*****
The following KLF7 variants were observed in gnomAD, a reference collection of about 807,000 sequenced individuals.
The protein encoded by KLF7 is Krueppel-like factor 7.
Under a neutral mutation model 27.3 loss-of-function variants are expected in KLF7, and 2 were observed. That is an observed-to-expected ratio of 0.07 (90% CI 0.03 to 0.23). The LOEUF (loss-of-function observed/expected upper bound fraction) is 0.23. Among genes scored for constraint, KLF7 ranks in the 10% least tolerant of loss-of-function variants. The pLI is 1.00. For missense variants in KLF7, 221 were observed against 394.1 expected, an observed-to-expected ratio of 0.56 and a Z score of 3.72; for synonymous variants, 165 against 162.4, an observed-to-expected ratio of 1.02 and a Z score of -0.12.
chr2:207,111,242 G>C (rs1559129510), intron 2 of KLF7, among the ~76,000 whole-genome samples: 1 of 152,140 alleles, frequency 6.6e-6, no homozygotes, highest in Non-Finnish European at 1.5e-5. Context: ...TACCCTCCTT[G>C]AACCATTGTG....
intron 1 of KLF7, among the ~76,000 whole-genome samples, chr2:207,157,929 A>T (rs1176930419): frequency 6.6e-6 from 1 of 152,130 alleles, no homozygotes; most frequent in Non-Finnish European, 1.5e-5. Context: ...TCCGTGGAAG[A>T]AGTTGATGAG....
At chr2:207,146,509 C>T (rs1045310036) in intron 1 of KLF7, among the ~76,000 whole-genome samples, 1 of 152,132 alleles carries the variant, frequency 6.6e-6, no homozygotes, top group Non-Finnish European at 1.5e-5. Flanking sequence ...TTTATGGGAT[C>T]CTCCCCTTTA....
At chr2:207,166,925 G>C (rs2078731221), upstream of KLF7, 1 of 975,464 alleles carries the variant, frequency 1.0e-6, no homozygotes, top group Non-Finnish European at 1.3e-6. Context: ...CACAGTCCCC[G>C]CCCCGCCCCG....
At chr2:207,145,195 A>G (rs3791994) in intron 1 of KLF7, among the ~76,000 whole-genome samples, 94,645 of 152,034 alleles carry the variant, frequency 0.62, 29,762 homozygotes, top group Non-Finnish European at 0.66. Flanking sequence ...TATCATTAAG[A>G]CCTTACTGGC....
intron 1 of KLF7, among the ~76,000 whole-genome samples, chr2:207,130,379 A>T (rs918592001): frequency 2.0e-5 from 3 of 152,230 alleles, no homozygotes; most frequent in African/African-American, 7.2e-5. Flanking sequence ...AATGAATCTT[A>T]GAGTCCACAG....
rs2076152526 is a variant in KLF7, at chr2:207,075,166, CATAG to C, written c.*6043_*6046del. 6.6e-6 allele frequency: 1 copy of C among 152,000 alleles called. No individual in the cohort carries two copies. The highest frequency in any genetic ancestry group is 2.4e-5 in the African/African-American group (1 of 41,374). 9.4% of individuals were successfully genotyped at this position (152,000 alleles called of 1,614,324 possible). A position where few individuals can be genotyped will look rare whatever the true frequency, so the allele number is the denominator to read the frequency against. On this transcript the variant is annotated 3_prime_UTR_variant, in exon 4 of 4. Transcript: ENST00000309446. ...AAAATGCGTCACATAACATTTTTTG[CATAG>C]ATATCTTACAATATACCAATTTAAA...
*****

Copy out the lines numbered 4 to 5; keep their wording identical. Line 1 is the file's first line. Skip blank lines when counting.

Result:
chr2:207,111,242 G>C (rs1559129510), intron 2 of KLF7, among the ~76,000 whole-genome samples: 1 of 152,140 alleles, frequency 6.6e-6, no homozygotes, highest in Non-Finnish European at 1.5e-5. Context: ...TACCCTCCTT[G>C]AACCATTGTG....
intron 1 of KLF7, among the ~76,000 whole-genome samples, chr2:207,157,929 A>T (rs1176930419): frequency 6.6e-6 from 1 of 152,130 alleles, no homozygotes; most frequent in Non-Finnish European, 1.5e-5. Context: ...TCCGTGGAAG[A>T]AGTTGATGAG....